Federal crimes are those that break federal laws and/or are tried by federal courts. But beware. If you have been charged with a federal crime, there is a risk that you could face double jeopardy. Being tried -legally- for the same crime twice… but in different courts.
In the US, we have a proud tradition of preventing what we call ‘Double Jeopardy’. And it has nothing to do with game shows. In the dictionary, jeopardy means to be put in danger or at risk. In the legal world, that jeopardy specifically refers to the risk of being convicted and the dangers of jail-time or punishment.
Double-Jeopardy is, therefore, then when one person is tried for the exact same crime twice with the risk of being convicted in either trial. Possibly leading to two convictions, or a conviction after already being cleared of the crime in a previous trial. This is strictly prohibited by the fifth amendment of the Constitution, our highest order of law. Freedom from double-jeopardy is one of our greatest rights, because it means someone proven innocent cannot be persecuted by the courts. However, there are a few strange circumstances where a person can legally be tried for the same crime twice in the American court system.
Being charged with a federal crime is one of them. Anyone charged with a federal crime should be aware of this risk and get educated on whether or not your specific crime qualifies for a potential double-jeopardy prosecution.
The Jurisdiction of Federal Crimes vs Local Crimes
The most important thing to understand is the difference between court jurisdictions. You may have heard this term in cop shows or movies. Jurisdiction basically means legal territory. For police, this is geographical. Cops constantly have to determine in which jurisdiction a crime occurred and which precinct is responsible for working a case. But when it comes to the difference between federal and non-federal crimes, the jurisdiction territory is based on which laws you’re charged with breaking.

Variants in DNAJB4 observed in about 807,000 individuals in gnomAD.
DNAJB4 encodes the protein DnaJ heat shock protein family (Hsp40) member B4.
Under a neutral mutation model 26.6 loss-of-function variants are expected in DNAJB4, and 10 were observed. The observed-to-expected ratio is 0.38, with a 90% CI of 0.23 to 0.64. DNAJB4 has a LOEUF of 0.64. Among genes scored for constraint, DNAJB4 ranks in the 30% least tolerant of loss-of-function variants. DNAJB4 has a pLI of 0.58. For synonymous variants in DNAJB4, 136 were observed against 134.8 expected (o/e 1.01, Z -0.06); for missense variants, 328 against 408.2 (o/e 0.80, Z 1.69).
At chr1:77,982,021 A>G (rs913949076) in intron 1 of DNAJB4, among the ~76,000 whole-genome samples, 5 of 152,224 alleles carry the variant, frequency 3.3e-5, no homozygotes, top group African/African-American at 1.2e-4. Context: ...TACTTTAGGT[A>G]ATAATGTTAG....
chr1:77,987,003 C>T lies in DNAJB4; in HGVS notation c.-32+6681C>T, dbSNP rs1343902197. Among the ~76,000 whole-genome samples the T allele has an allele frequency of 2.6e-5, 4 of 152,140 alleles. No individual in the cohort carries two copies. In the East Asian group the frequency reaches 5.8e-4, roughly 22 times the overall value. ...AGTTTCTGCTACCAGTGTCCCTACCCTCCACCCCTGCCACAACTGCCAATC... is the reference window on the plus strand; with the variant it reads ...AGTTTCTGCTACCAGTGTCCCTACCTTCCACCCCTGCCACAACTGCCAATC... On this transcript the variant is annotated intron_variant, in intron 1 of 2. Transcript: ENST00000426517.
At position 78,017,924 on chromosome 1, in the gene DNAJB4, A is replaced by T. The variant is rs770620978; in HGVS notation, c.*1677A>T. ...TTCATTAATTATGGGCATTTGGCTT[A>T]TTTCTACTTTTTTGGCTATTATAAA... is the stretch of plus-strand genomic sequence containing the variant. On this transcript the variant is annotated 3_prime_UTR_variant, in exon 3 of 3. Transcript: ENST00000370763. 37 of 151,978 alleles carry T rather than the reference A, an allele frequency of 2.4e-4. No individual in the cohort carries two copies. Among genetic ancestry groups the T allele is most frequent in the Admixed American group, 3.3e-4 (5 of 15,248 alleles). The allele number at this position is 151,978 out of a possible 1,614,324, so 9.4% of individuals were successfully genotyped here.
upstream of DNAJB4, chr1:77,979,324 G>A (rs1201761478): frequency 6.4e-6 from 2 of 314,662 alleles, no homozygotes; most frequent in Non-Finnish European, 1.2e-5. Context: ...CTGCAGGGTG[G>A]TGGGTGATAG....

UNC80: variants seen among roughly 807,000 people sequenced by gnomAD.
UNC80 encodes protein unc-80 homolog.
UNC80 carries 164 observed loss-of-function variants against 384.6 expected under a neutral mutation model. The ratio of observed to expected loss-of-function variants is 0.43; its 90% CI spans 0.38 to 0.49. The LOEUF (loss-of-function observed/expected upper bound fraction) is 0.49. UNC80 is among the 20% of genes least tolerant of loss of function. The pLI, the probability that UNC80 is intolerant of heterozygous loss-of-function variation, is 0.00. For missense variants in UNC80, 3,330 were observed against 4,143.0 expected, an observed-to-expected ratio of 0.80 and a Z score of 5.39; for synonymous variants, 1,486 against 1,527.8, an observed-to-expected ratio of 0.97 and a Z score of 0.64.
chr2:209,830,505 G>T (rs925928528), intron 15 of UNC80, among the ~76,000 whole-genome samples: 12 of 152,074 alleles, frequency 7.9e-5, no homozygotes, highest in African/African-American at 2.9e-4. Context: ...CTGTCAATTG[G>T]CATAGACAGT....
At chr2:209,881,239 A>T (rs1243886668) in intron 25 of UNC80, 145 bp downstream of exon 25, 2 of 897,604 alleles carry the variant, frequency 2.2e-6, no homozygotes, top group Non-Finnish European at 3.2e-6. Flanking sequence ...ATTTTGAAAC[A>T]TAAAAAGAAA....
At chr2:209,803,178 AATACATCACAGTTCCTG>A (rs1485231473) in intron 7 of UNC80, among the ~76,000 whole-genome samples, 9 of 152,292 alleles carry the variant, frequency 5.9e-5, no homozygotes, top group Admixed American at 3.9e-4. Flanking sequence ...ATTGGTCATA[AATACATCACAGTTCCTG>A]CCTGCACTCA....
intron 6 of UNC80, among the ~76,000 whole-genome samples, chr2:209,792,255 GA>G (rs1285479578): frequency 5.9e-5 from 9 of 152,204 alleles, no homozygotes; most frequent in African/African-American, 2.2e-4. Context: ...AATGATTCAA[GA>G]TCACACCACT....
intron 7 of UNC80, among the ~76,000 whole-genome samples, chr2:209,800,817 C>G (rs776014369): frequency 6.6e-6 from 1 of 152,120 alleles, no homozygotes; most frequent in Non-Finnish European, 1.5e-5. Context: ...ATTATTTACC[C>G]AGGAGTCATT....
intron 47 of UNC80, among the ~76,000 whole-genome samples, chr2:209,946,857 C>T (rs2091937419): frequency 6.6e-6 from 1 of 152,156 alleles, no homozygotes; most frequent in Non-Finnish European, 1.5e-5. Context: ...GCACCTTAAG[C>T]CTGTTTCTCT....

A crime only becomes federal if a federal law is broken, state lines are crossed, or if the crime occurred on (or targeted at) federal property. Then it enters the federal jurisdiction and will be handled in federal courts instead of local courts. All other crimes, those not considered federal, stem from state and city laws and, therefore, are within the state’s jurisdiction. Because federal law tries to leave most details to states, most cases relate only to state laws. And in some cases, a crime will only relate to federal laws without violating state laws at the same time.
Federal Law and State Law – Two Separate Crimes
But what about if the crime your crime is illegal according to both federal and state law? Who has jurisdiction then, and which court will you be tried in? The answer should be simple, practical, and singular. Unfortunately, it’s not.
If you do something that breaks both state and federal laws, you have actually -officially- broken two laws. The federal law AND the state law. Because of the way our nation has separated national and state legal systems in order to keep states rights sacrosanct, this means that you’ve officially committed two separate crimes. One according to federal law which subjects you to the federal court system, and one according to your state law which subjects you to the state court system. At the same time. Both courts can try you and both can add to your sentencing if convicted.
This is known as Concurrent Jurisdiction, which means that both jurisdictions are valid at the same time. But it can lead to something that our courts would usually never allow. For someone to be tried twice for the same crime.